What’s it: Government capital expenditure refers to spending to create long-term assets in the economy. An example is money spent on building infrastructures such as roads, railways, and ports. Unlike government current expenditures, they are productive investments to generate long-term benefits. Meanwhile, current expenditure is for operations or routine activities such as personnel and office equipment.
Capital expenditure is vital for increasing the productive capacity of the economy. For example, building physical infrastructure will reduce logistics costs and encourage increased economic activity in the future while creating jobs and income in the short term. Likewise, investment in non-physical infrastructure such as education will encourage higher quality human capital, contributing to long-term economic growth.
In addition, in certain sectors, investment by the government is deemed necessary to provide vital goods and services efficiently. But on the other hand, leaving it to the private sector through competition may not be efficient. That’s because certain industries like power only need one supplier to achieve significant economies of scale to lower prices.
What are examples of government capital expenditures?
Government capital expenditures can vary widely. But, to be sure, they aim to create long-term assets and benefits. An example is spending on infrastructure such as:
In addition, spending on equipment and machinery – including for defense purposes – is another example.
Then, in general, spending on infrastructure is divided into two categories:
- Physical infrastructure such as roads, telecommunications, and buildings. These investments are vital for facilitating and encouraging economic activity.
- Non-physical or intangible infrastructure such as education, training, and research investment. This investment is essential, for example, to improve human capital.
Why are government capital expenditures so important?
There are several other reasons why government capital expenditure is important. First, government capital expenditure is productive spending. They provide long-term benefits. For example, it will increase the productive capacity of the economy. In other words, such investments contribute to an increase in the economy’s output in the future. So, the economy can produce more in the future.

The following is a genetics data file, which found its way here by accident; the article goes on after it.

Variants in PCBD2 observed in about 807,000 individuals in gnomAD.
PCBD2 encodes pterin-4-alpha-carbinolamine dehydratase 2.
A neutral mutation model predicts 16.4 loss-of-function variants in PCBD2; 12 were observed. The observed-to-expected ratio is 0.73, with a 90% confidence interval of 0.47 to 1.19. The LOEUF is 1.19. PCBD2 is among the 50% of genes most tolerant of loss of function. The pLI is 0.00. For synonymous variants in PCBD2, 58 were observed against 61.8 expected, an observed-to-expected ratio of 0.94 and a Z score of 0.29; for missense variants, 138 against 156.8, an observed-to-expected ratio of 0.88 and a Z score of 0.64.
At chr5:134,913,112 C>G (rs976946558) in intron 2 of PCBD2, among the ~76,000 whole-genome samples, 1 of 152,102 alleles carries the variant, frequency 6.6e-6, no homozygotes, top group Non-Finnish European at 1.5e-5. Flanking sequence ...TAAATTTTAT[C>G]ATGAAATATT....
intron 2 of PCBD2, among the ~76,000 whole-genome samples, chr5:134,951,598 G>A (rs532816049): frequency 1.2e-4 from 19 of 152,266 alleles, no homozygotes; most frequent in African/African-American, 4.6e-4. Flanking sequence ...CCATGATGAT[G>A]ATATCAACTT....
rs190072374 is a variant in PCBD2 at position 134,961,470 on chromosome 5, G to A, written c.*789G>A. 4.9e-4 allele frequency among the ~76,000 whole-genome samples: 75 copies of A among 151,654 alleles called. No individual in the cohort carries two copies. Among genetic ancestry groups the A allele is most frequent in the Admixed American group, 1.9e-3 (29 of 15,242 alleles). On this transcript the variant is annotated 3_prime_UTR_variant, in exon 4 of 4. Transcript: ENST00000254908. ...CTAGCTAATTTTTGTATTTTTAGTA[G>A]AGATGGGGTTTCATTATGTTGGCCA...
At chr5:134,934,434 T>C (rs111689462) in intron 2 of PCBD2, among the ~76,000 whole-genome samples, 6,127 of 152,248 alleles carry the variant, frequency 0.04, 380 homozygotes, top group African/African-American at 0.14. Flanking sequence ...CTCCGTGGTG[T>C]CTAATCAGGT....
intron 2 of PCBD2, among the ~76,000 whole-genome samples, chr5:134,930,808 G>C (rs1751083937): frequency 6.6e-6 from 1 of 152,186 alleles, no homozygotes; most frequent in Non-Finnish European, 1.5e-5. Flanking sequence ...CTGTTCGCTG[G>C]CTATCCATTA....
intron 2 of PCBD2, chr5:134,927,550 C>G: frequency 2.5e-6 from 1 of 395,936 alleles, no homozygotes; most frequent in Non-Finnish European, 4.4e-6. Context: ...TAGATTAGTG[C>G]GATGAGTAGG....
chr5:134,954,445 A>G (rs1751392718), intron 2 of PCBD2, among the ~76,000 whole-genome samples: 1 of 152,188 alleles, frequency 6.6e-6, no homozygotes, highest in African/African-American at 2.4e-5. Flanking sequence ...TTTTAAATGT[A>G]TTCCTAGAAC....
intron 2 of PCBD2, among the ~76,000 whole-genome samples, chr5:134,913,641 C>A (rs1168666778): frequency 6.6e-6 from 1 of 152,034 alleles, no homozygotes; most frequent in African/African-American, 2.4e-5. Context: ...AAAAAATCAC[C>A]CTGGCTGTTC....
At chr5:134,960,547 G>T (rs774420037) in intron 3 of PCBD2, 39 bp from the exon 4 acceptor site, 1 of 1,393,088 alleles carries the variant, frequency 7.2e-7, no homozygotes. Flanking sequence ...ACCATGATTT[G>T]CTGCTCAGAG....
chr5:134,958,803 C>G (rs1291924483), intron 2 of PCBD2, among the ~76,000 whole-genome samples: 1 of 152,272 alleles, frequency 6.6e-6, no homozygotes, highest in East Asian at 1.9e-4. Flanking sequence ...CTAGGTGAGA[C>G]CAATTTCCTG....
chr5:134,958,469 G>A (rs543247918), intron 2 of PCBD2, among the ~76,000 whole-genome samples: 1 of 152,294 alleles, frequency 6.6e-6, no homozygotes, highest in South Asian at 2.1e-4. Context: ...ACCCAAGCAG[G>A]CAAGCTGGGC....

Second, creating jobs for households is another reason why government capital expenditure is important. For example, infrastructure projects create jobs for households, especially construction workers. In addition, they also create jobs for supporting industries as their demand increases.
Third, like government current expenditures, capital expenditures also increase the demand for goods and services in the economy. As a result, governments usually increase their allocations to stimulate economic growth. For example, during a sluggish economy, the government takes an expansionary fiscal policy by launching infrastructure projects. These projects create jobs for households. In addition, they also increase the demand for goods and services in related industries. Ultimately, they create income for households, pushing their consumption up.
Fourth, capital expenditure is vital to stimulate private sector economic activity. For example, better roads improve the transportation of goods and people. Logistics costs are down. They all contribute to an increase in business activity. In addition, improved infrastructure will attract private investment and drive sustainable economic growth in the long term.
How are government capital expenditures financed?
In the government budget, taxes are the main source of financing. In addition, there are other sources such as contributions from state-owned enterprises, funds from privatization, and grants. If spending is insufficient to cover spending, the government takes debt, usually by issuing debt securities.
Capital investment by the government can be through the central government and local governments. In addition, it may be through state-owned companies, which are authorized to provide public services such as electricity, toll roads, and railways.
Certain infrastructure investments may be too expensive to finance through the fiscal budget. So, finally, the government invited the private sector to get involved. This scheme is known as Public-Private Partnership (PPP).
How PPP works can vary widely. For example, the private sector bears construction and capital financing during construction under a build-transfer scheme. Then, they hand over the assets built to the government with compensation according to the agreement.
There is another build-operate-transfer scheme. This is similar to the build-transfer scheme, where the private sector is responsible for the development and financing of capital. However, instead of directly handing it over to the government, the private sector operates and manages the assets built for a set period to recover investment costs and generate returns. After that, they hand over the assets to the government.
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- Transfer Payments: Importance, Types, and Criticism